Bomberman has always been one of those franchises that I respected but never really cared about much. The TurboGrafx-16 was basically a myth in my little corner of Virginia when I was growing up, a legend spoke of in the pages of games magazines. I knew of the Hudson Soft multiplayer mascot but had never felt the need to seek out the maze-based explosion fest. I must have been in my twenties by the time I played a Bomberman game for the first time, with roommates and friends shouting gleefully at the ensuing detonation derby. I never considered Bomberman to be a candidate for a solid single-player adventure game, but Bomberman 64 has shown me otherwise.
Bomberman 64 starts innocently enough, but the first major difference in gameplay that I could see was the three-dimensional explosion. Bomb blasts are no longer a straight line, they now erupt within a radius that can be expanded by familiar pickups in each level. The next major difference is that this game features a very expansive and exploratory adventure that contains a wealth of challenges. Levels are now sprawling 3D environments, with secret paths and tricky collectables in the form of Gold Cards.
These cards can be earned in a multitude of ways. Every level contains five of them; one for completing the level under a certain time, one for defeating 35 enemies, and three that are hidden throughout in sometimes obvious but usually well hidden locations. Boss encounters also hold five potential Gold Cards and also have various conditions to earn successfully. All five must be obtained during your fight or you're stuck repeating the battle until you figure out each boss's ideal strategy.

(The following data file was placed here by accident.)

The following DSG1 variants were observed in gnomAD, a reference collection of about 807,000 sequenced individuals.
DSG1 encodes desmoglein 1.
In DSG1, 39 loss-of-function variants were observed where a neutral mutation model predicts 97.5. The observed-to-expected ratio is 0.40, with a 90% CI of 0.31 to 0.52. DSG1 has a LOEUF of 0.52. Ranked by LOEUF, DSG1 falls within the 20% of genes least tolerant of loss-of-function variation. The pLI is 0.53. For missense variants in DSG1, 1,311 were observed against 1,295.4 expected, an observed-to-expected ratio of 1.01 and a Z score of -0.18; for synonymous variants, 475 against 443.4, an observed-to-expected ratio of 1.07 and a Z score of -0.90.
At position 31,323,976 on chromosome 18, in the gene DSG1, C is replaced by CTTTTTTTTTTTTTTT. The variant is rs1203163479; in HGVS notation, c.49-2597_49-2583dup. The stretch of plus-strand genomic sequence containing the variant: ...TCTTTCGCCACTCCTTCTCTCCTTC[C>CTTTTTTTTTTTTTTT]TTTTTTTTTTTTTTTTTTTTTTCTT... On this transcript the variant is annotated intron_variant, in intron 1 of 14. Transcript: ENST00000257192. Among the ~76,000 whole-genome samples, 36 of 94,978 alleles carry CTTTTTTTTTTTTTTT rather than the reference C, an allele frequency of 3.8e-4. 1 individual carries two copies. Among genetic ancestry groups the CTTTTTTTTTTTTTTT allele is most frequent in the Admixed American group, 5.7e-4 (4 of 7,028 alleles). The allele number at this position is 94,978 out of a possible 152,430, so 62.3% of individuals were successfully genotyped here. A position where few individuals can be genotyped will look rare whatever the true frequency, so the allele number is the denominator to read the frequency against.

By obtaining every Gold Card in the five worlds featured in Bomberman 64's Adventure mode, a sixth and final area can be unlocked, which holds all the secrets to the game's true ending. I've heard this final area is very difficult, and I imagine it would be. The overall challenge in Bomberman 64 is not too terrible, some levels were quite frustrating but with practice comes confidence. After a few attempts, I found that most levels could be beaten in swift order, as the Gold Card time trials would infer. Even when a level was sometimes frustrating, the cheerful visuals and stellar soundtrack kept me coming back for more.
The art and sound design in Bomberman 64 is the epitome of pitch-perfect. The game isn't exactly hailed for its deft handling of the tumultuous 2D to 3D conversion that so many franchises failed to grasp on their initial attempts. I think this is somewhat of an oversight. The adventure mode in Bomberman 64 is an excellent transition from sprite-based art to polygonal representation. With so many games struggling in this respect, it's nice to see this series was able to find its footing with grace and so early in that awkward burgeoning 3D graphics era.
Bomberman 64 was a pleasant and welcome surprise, but maybe one that I should have seen coming. It's charming, clever, tricky, and immensely replayable. And I haven't even touched the multiplayer yet.